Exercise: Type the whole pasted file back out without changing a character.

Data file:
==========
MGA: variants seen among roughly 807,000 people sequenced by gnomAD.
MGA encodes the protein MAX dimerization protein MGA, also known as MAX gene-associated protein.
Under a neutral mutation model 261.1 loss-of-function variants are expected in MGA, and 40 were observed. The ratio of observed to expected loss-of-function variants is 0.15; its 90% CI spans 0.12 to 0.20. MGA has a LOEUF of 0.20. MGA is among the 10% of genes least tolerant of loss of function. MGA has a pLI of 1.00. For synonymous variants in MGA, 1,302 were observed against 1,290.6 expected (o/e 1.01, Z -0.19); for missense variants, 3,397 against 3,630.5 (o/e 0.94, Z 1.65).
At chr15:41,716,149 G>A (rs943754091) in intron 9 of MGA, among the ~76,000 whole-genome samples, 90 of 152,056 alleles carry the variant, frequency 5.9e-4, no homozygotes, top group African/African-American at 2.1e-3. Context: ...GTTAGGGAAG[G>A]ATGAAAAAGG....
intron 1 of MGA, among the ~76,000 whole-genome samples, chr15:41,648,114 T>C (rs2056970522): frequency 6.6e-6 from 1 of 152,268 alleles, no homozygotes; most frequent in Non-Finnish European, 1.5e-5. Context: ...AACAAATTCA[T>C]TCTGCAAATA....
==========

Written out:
MGA: variants seen among roughly 807,000 people sequenced by gnomAD.
MGA encodes the protein MAX dimerization protein MGA, also known as MAX gene-associated protein.
Under a neutral mutation model 261.1 loss-of-function variants are expected in MGA, and 40 were observed. The ratio of observed to expected loss-of-function variants is 0.15; its 90% CI spans 0.12 to 0.20. MGA has a LOEUF of 0.20. MGA is among the 10% of genes least tolerant of loss of function. MGA has a pLI of 1.00. For synonymous variants in MGA, 1,302 were observed against 1,290.6 expected (o/e 1.01, Z -0.19); for missense variants, 3,397 against 3,630.5 (o/e 0.94, Z 1.65).
At chr15:41,716,149 G>A (rs943754091) in intron 9 of MGA, among the ~76,000 whole-genome samples, 90 of 152,056 alleles carry the variant, frequency 5.9e-4, no homozygotes, top group African/African-American at 2.1e-3. Context: ...GTTAGGGAAG[G>A]ATGAAAAAGG....
intron 1 of MGA, among the ~76,000 whole-genome samples, chr15:41,648,114 T>C (rs2056970522): frequency 6.6e-6 from 1 of 152,268 alleles, no homozygotes; most frequent in Non-Finnish European, 1.5e-5. Context: ...AACAAATTCA[T>C]TCTGCAAATA....